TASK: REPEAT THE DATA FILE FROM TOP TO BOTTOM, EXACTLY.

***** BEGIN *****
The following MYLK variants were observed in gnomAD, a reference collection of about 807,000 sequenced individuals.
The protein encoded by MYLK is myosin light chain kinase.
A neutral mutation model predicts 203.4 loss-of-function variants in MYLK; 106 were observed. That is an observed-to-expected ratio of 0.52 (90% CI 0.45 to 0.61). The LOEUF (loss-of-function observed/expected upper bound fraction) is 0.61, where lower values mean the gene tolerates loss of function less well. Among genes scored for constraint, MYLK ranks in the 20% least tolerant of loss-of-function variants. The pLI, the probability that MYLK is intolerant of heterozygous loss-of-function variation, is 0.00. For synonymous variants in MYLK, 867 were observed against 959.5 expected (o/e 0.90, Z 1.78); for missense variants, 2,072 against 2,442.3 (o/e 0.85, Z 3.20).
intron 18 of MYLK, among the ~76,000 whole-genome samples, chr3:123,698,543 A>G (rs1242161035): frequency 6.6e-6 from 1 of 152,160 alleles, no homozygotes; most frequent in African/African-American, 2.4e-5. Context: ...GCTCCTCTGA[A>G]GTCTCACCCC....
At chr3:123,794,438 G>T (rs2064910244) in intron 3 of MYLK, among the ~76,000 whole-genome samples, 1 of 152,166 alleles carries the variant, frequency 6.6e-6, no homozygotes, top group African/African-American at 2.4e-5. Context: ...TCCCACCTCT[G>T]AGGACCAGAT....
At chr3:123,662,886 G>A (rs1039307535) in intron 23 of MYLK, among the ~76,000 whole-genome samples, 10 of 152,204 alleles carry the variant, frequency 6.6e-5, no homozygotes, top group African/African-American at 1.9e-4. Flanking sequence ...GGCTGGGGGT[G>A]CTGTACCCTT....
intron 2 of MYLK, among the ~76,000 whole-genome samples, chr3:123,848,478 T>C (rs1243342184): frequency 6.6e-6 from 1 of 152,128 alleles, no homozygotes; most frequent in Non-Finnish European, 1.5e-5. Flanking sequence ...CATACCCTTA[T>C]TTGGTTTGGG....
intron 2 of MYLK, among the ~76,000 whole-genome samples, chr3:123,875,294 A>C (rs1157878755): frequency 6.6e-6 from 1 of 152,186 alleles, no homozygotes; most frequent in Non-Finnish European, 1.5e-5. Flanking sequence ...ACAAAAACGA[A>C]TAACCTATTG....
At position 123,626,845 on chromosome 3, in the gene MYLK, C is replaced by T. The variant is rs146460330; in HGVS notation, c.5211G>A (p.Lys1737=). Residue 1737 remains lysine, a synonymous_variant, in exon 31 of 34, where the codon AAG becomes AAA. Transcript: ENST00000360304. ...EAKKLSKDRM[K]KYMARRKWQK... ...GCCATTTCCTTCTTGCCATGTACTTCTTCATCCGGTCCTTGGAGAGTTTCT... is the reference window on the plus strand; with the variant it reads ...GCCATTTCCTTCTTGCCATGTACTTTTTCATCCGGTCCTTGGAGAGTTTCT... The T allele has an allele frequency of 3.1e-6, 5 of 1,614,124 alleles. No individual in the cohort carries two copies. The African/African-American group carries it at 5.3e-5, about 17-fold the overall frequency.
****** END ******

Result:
The following MYLK variants were observed in gnomAD, a reference collection of about 807,000 sequenced individuals.
The protein encoded by MYLK is myosin light chain kinase.
A neutral mutation model predicts 203.4 loss-of-function variants in MYLK; 106 were observed. That is an observed-to-expected ratio of 0.52 (90% CI 0.45 to 0.61). The LOEUF (loss-of-function observed/expected upper bound fraction) is 0.61, where lower values mean the gene tolerates loss of function less well. Among genes scored for constraint, MYLK ranks in the 20% least tolerant of loss-of-function variants. The pLI, the probability that MYLK is intolerant of heterozygous loss-of-function variation, is 0.00. For synonymous variants in MYLK, 867 were observed against 959.5 expected (o/e 0.90, Z 1.78); for missense variants, 2,072 against 2,442.3 (o/e 0.85, Z 3.20).
intron 18 of MYLK, among the ~76,000 whole-genome samples, chr3:123,698,543 A>G (rs1242161035): frequency 6.6e-6 from 1 of 152,160 alleles, no homozygotes; most frequent in African/African-American, 2.4e-5. Context: ...GCTCCTCTGA[A>G]GTCTCACCCC....
At chr3:123,794,438 G>T (rs2064910244) in intron 3 of MYLK, among the ~76,000 whole-genome samples, 1 of 152,166 alleles carries the variant, frequency 6.6e-6, no homozygotes, top group African/African-American at 2.4e-5. Context: ...TCCCACCTCT[G>T]AGGACCAGAT....
At chr3:123,662,886 G>A (rs1039307535) in intron 23 of MYLK, among the ~76,000 whole-genome samples, 10 of 152,204 alleles carry the variant, frequency 6.6e-5, no homozygotes, top group African/African-American at 1.9e-4. Flanking sequence ...GGCTGGGGGT[G>A]CTGTACCCTT....
intron 2 of MYLK, among the ~76,000 whole-genome samples, chr3:123,848,478 T>C (rs1243342184): frequency 6.6e-6 from 1 of 152,128 alleles, no homozygotes; most frequent in Non-Finnish European, 1.5e-5. Flanking sequence ...CATACCCTTA[T>C]TTGGTTTGGG....
intron 2 of MYLK, among the ~76,000 whole-genome samples, chr3:123,875,294 A>C (rs1157878755): frequency 6.6e-6 from 1 of 152,186 alleles, no homozygotes; most frequent in Non-Finnish European, 1.5e-5. Flanking sequence ...ACAAAAACGA[A>C]TAACCTATTG....
At position 123,626,845 on chromosome 3, in the gene MYLK, C is replaced by T. The variant is rs146460330; in HGVS notation, c.5211G>A (p.Lys1737=). Residue 1737 remains lysine, a synonymous_variant, in exon 31 of 34, where the codon AAG becomes AAA. Transcript: ENST00000360304. ...EAKKLSKDRM[K]KYMARRKWQK... ...GCCATTTCCTTCTTGCCATGTACTTCTTCATCCGGTCCTTGGAGAGTTTCT... is the reference window on the plus strand; with the variant it reads ...GCCATTTCCTTCTTGCCATGTACTTTTTCATCCGGTCCTTGGAGAGTTTCT... The T allele has an allele frequency of 3.1e-6, 5 of 1,614,124 alleles. No individual in the cohort carries two copies. The African/African-American group carries it at 5.3e-5, about 17-fold the overall frequency.